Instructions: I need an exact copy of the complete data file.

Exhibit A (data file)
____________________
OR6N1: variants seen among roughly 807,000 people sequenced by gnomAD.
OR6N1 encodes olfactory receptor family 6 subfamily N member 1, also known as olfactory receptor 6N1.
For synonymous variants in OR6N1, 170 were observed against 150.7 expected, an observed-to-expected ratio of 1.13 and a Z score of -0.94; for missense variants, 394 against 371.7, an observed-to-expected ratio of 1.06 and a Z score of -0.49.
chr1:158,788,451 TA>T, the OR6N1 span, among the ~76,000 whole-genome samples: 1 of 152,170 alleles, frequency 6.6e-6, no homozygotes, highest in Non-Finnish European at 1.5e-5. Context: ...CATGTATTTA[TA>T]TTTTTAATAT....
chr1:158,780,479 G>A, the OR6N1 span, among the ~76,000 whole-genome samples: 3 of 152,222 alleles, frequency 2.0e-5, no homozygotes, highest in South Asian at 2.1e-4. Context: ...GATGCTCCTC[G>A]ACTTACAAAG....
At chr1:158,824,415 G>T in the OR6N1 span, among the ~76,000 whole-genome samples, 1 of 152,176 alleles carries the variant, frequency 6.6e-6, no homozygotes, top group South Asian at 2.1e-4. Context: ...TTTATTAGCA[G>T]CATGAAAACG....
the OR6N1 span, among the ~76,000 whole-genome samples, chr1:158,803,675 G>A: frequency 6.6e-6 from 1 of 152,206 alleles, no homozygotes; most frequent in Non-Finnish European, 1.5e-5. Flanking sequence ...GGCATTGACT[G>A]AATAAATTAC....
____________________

OR6N1: variants seen among roughly 807,000 people sequenced by gnomAD.
OR6N1 encodes olfactory receptor family 6 subfamily N member 1, also known as olfactory receptor 6N1.
For synonymous variants in OR6N1, 170 were observed against 150.7 expected, an observed-to-expected ratio of 1.13 and a Z score of -0.94; for missense variants, 394 against 371.7, an observed-to-expected ratio of 1.06 and a Z score of -0.49.
chr1:158,788,451 TA>T, the OR6N1 span, among the ~76,000 whole-genome samples: 1 of 152,170 alleles, frequency 6.6e-6, no homozygotes, highest in Non-Finnish European at 1.5e-5. Context: ...CATGTATTTA[TA>T]TTTTTAATAT....
chr1:158,780,479 G>A, the OR6N1 span, among the ~76,000 whole-genome samples: 3 of 152,222 alleles, frequency 2.0e-5, no homozygotes, highest in South Asian at 2.1e-4. Context: ...GATGCTCCTC[G>A]ACTTACAAAG....
At chr1:158,824,415 G>T in the OR6N1 span, among the ~76,000 whole-genome samples, 1 of 152,176 alleles carries the variant, frequency 6.6e-6, no homozygotes, top group South Asian at 2.1e-4. Context: ...TTTATTAGCA[G>T]CATGAAAACG....
the OR6N1 span, among the ~76,000 whole-genome samples, chr1:158,803,675 G>A: frequency 6.6e-6 from 1 of 152,206 alleles, no homozygotes; most frequent in Non-Finnish European, 1.5e-5. Flanking sequence ...GGCATTGACT[G>A]AATAAATTAC....